“The gospel which we possess was not given to us only to be admired, talked of, and professed, but to be practiced.” J.C. Ryle
This expounds the commitment of Evangelicals through history. One of the more recent manifestations of this was the Evangelical Awakening in Europe in the 18th-19th centuries.
More recently, and not just with the EFCA, this captures what we have been talking about for quite some time. Although Evangelicals have been saying it, and are committed to it, the final statement has been limited in its scope of application. Racial reconciliation is one of those limitations.
We need to remember that when we address patience, or being long-suffering, we will live with a tension. For the white or majority community, some are coming to realize these limitations in application. They need some time to figure this out and work through what this means. It is important this be done in community, and not just with other majority folk.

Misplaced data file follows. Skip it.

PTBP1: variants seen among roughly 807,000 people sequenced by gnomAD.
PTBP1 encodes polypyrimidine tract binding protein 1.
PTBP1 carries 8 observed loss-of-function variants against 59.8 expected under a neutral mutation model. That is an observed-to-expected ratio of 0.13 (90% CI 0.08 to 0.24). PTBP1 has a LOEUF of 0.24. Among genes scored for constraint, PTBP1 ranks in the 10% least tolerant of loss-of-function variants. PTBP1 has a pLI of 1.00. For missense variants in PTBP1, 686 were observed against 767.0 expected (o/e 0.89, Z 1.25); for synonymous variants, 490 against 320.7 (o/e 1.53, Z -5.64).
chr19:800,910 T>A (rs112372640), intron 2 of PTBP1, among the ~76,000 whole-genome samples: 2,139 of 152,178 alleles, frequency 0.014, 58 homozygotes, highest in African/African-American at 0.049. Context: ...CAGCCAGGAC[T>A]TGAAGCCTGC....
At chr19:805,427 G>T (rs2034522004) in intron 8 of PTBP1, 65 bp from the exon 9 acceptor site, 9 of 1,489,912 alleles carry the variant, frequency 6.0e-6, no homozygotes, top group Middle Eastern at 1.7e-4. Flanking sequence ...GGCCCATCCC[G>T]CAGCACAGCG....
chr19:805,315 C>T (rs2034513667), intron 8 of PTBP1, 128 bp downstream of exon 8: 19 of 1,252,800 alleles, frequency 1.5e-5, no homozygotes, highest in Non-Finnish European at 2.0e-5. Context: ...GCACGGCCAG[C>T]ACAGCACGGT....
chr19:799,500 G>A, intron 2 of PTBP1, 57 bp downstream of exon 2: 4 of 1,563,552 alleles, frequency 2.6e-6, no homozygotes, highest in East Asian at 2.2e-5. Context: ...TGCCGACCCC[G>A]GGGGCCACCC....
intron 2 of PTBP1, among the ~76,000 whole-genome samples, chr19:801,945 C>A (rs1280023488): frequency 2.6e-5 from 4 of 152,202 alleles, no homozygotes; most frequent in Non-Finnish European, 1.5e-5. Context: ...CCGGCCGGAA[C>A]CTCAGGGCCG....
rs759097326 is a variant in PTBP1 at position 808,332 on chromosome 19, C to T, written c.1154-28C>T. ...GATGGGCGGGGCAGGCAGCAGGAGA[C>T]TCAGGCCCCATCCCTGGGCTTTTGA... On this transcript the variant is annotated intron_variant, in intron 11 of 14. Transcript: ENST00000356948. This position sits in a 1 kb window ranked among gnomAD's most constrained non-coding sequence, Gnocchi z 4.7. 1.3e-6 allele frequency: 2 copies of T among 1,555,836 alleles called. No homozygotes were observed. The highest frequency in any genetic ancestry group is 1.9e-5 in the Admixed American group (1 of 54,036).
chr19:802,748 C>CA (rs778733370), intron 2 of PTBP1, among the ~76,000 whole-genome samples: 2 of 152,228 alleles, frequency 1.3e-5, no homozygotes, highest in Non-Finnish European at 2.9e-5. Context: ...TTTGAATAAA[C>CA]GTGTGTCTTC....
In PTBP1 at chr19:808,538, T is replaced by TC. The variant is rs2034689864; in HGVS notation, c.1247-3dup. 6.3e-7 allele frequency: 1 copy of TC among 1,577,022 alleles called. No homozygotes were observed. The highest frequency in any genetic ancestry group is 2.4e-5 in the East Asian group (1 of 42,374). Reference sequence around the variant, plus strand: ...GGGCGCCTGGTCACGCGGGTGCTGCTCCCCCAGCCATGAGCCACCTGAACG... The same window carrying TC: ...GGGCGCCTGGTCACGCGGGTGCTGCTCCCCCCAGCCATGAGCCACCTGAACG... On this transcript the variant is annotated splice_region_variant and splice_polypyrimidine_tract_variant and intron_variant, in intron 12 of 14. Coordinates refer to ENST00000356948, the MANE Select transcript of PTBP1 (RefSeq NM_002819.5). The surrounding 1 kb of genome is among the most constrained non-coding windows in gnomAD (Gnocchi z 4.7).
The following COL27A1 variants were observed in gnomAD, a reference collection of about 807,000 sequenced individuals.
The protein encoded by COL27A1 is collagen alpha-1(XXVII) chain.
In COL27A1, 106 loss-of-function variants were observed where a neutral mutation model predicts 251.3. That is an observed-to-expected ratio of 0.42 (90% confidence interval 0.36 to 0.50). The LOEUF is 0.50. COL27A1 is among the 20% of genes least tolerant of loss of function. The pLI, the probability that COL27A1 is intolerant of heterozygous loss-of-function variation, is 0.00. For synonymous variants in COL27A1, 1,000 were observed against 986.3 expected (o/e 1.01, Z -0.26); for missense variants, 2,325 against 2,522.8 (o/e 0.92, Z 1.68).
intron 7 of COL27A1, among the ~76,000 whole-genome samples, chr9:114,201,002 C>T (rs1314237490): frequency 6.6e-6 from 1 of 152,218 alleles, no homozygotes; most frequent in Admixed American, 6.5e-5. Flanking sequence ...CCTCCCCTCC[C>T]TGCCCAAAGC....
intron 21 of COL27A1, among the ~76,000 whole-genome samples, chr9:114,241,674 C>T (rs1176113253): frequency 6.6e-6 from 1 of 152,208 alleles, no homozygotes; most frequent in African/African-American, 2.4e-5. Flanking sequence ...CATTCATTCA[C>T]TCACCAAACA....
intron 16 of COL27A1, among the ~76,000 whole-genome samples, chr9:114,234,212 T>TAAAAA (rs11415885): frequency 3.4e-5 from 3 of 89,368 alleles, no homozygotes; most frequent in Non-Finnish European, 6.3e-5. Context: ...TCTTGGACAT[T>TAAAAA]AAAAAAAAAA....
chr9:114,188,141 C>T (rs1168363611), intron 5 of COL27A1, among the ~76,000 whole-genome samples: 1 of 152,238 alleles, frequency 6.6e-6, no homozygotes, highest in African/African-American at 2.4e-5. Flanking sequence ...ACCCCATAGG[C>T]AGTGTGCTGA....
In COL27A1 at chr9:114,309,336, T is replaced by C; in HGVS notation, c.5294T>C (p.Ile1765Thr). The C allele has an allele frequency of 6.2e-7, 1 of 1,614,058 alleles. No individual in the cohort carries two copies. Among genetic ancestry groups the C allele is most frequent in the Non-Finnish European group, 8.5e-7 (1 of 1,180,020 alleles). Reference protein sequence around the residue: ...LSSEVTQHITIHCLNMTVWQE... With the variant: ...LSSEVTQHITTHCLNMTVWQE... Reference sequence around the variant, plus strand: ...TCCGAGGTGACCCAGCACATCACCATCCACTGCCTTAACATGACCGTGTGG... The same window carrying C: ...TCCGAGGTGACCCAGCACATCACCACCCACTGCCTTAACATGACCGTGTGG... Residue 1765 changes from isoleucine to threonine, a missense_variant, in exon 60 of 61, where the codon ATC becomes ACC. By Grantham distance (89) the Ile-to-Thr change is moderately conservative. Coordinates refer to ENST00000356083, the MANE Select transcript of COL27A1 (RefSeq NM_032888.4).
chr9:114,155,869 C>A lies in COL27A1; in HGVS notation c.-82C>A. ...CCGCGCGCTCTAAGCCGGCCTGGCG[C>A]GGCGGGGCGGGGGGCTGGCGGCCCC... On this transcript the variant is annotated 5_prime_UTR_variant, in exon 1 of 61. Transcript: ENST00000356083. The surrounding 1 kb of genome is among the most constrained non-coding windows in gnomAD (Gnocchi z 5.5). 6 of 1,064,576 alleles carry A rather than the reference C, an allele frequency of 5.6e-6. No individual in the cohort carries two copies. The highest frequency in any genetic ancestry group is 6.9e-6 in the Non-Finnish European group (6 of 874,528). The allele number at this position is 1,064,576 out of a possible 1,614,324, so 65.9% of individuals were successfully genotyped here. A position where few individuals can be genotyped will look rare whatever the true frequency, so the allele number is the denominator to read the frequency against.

For our brothers and sisters in the minority community, they have generally suffered long and experience some racial fatigue. How many times do they have to go through fits and starts, how often do they have to hear public and corporate repentance, both of which are good and right, but they are waiting for the next step, the costly and sacrificial step of love lived out and “practiced.” And, as noted previously, a vital way to do this is in community, to engage in dialogue together in the context of relationships.
May God give us the wisdom, grace, kindness, patience and courage to speak and live the gospel.
Please plan to join us at our upcoming Theology Conference, where we will address the theme, “The Gospel, Compassion and Justice, and the EFCA.”